Wednesday, December 28, 2011

Initializing Arrays in Java

In Java, arrays can hold two types of data: primitive types (as in byte, short, int, char, etc) and reference types (Object, String, etc).

The main difference between them is that for an array holding elements of a primitive type it is not mandatory to initialize each element. On the other hand, in an object array every element needs to be initialized using the new operator because every element from an object array is be default initialized with null.

A few things about arrays:
  • Also one must note that arrays in Java are zero-based (the first element is at the 0th position)
  • Attempting to access an array with an index less than 0 or greater than the length of the array causes an ArrayIndexOutOfBoundsException to be thrown at runtime.
  • Arrays must be indexed by int values or byte, short or char values (as these can be promoted to int). Using a long index value to access an array may cause a compile error.
  • Arrays are created at runtime so one could easily use a variable to to set the size of the array.
An array can be declared and initialized in the following ways:
//Allocates memory for the array
//Since it's int, all values are by default 0
int[] myInts = new int[3];
//Initializes the array elements
myInts[0] = 1;
myInts[1] = 2;
myInts[2] = 3;
or, if you know the values at compile time and want a shorter form:
int[] myOtherInts = {1,2,3};
Let us suppose you have an simple class like:
public class Person 
   private String name;
   private int age;
   public Person(String name, int age)
   { = name;
       this.age = age;
   public String toString()
    return + " " + this.age;
If you would like to create an array of Person, you could declare it and initialize it as:
//Allocates memory for the array
Person[] myPersons = new Person[3];
//Creates each object
myPersons[0] = new Person("John", 23);
myPersons[1] = new Person("Johnny", 24);
myPersons[2] = new Person("Mike", 25);
or, if you know the values at compile time and want a shorter form:
Person[] myOtherPersons = {
        new Person("John", 23),
        new Person("Johnny", 24),
        new Person("Mike", 25)
It is very important to remember that when you use arrays of objects (reference types) you must allocate memory for each element of the array since every element is initialized by default with null. As you probably may know, if you try to access an object who has a null value, a NullPointerException will thrown.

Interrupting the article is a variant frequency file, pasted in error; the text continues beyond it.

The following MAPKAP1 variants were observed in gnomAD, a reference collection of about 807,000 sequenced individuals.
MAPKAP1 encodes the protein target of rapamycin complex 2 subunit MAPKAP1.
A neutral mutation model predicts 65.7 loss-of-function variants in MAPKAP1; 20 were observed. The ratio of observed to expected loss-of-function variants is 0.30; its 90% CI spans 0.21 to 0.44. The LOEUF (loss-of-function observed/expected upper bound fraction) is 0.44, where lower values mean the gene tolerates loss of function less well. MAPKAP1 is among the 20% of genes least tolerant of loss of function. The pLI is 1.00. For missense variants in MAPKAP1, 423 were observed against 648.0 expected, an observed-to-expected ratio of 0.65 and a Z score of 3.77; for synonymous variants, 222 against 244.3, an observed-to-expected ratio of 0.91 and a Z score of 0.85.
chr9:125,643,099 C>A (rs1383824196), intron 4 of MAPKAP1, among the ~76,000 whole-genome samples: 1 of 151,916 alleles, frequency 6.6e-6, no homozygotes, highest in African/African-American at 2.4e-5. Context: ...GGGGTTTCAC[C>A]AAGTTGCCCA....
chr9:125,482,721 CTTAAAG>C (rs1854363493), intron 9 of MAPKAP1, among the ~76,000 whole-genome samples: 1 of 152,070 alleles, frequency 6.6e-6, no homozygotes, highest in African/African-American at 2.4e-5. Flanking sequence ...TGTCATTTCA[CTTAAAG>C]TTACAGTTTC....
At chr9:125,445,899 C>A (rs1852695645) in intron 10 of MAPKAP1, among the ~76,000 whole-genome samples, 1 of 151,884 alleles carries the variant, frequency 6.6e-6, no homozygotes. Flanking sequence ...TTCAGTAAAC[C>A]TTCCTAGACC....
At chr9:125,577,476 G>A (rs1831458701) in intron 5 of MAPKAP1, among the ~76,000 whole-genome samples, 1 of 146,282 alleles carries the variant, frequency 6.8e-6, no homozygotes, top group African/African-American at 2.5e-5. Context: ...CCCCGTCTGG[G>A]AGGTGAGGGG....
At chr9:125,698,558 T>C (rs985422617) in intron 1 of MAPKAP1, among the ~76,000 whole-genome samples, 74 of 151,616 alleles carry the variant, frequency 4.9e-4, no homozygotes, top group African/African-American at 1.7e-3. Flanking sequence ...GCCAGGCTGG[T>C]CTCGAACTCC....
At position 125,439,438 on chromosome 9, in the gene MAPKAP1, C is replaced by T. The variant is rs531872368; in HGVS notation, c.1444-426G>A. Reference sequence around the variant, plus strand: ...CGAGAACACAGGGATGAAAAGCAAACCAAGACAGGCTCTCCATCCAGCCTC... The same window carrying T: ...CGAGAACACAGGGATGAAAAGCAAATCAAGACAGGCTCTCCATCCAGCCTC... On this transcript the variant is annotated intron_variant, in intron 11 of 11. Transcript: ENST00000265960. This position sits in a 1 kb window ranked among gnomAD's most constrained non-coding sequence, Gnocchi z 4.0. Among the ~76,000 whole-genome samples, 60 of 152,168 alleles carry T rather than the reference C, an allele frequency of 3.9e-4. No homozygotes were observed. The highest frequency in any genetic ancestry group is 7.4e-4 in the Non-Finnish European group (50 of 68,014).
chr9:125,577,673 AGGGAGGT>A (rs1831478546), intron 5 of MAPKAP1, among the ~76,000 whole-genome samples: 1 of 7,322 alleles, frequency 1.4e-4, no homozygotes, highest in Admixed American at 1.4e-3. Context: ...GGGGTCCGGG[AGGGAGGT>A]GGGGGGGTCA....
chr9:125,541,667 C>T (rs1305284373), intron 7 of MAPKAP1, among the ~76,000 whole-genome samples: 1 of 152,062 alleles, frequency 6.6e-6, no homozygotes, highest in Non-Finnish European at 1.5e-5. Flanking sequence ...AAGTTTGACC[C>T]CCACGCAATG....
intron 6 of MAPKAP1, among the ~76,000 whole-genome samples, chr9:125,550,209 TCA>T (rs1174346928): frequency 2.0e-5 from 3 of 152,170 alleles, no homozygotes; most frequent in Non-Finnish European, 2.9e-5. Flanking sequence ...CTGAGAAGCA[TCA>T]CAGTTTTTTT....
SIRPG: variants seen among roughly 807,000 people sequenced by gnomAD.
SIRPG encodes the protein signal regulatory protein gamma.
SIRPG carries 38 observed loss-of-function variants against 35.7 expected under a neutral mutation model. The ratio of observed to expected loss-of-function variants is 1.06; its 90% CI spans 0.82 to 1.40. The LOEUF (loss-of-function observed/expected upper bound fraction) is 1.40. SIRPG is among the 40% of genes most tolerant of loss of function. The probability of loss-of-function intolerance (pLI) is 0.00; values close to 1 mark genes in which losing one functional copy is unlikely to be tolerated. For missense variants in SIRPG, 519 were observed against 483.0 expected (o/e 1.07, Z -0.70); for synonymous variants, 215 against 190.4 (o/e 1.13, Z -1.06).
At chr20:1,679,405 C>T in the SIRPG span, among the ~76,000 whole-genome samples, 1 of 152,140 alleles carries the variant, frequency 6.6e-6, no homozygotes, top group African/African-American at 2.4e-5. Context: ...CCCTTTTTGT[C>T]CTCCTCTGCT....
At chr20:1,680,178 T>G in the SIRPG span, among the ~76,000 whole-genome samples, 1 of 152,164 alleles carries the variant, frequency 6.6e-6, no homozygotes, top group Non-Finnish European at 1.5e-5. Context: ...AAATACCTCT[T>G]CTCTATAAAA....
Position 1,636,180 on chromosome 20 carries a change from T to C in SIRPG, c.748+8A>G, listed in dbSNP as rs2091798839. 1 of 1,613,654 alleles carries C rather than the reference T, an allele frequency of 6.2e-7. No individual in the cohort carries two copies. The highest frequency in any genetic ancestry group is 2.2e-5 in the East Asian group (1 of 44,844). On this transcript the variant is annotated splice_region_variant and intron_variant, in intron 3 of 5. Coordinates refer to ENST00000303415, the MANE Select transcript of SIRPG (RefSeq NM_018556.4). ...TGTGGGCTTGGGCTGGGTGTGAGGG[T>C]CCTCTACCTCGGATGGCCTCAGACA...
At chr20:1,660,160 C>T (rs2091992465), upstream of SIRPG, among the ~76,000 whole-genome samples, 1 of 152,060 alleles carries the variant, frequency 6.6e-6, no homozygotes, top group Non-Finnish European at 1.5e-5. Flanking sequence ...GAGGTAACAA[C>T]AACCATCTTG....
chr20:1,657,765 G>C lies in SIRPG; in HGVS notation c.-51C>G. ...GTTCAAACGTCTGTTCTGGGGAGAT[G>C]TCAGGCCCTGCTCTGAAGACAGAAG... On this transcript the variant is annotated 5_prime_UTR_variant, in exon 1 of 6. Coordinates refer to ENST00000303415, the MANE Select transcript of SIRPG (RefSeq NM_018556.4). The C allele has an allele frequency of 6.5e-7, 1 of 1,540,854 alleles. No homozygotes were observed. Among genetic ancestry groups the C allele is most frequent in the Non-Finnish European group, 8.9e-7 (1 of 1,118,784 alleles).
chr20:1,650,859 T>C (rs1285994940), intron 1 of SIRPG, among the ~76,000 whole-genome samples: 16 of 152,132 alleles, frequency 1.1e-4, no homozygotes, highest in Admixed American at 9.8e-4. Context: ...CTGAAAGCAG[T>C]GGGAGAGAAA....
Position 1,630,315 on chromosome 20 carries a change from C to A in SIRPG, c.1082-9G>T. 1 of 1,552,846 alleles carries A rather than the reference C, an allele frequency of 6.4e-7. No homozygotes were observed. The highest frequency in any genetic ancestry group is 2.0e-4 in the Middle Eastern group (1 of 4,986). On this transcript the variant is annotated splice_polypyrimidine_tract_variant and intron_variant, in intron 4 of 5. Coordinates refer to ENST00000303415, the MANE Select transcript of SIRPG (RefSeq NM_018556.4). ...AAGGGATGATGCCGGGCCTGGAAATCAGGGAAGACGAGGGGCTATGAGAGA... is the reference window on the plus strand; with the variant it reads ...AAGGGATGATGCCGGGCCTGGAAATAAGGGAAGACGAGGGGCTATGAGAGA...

An array can also be initialized according to another array or it can be filled automatically with a specific element:
//Copies from source-array myOtherPersons starting from the 0th position 3 
//elements to the destination-array myCopyiedPersons1 starting with the 
//0th position
//Note: myCopyiedPersons1 needs to allocated
Person[] myCopyiedPersons1 = new Person[3];
System.arraycopy(myOtherPersons, 0, myCopyiedPersons1, 0, 3);
//Copies from source-array myOtherPersons the first 3 elements to the 
//destination-array myCopyiedPersons2 
//Note: myCopyiedPersons2 doesn't need to be allocated.
Person[] myCopyiedPersons2 = null;
myCopyiedPersons2 = Arrays.copyOf(myOtherPersons, 3);
//Copies from source-array myOtherPersons the elements between the indexes 1 
//and 3 (not including 3) to destination-array myCopyiedPersons3. 
//In myCopyiedPersons3 the element at the 0th position will be equivalent 
//to the element at the 1th (starting index) from myOtherPersons.
//Note: myCopyiedPersons3 doesn't need to be allocated.
Person[] myCopyiedPersons3 = null;
myCopyiedPersons3 = Arrays.copyOfRange(myOtherPersons, 1, 3);
//Makes all elements of the array myCopyiedPersons4 between the indexes 0 
//and 3 (not including 3) to be equal with a certain specified object
//Note: myCopyiedPersons4 needs to allocated
Person[] myCopyiedPersons4 = new Person[3];
Arrays.fill(myCopyiedPersons4, 0, 3, new Person("John",23));

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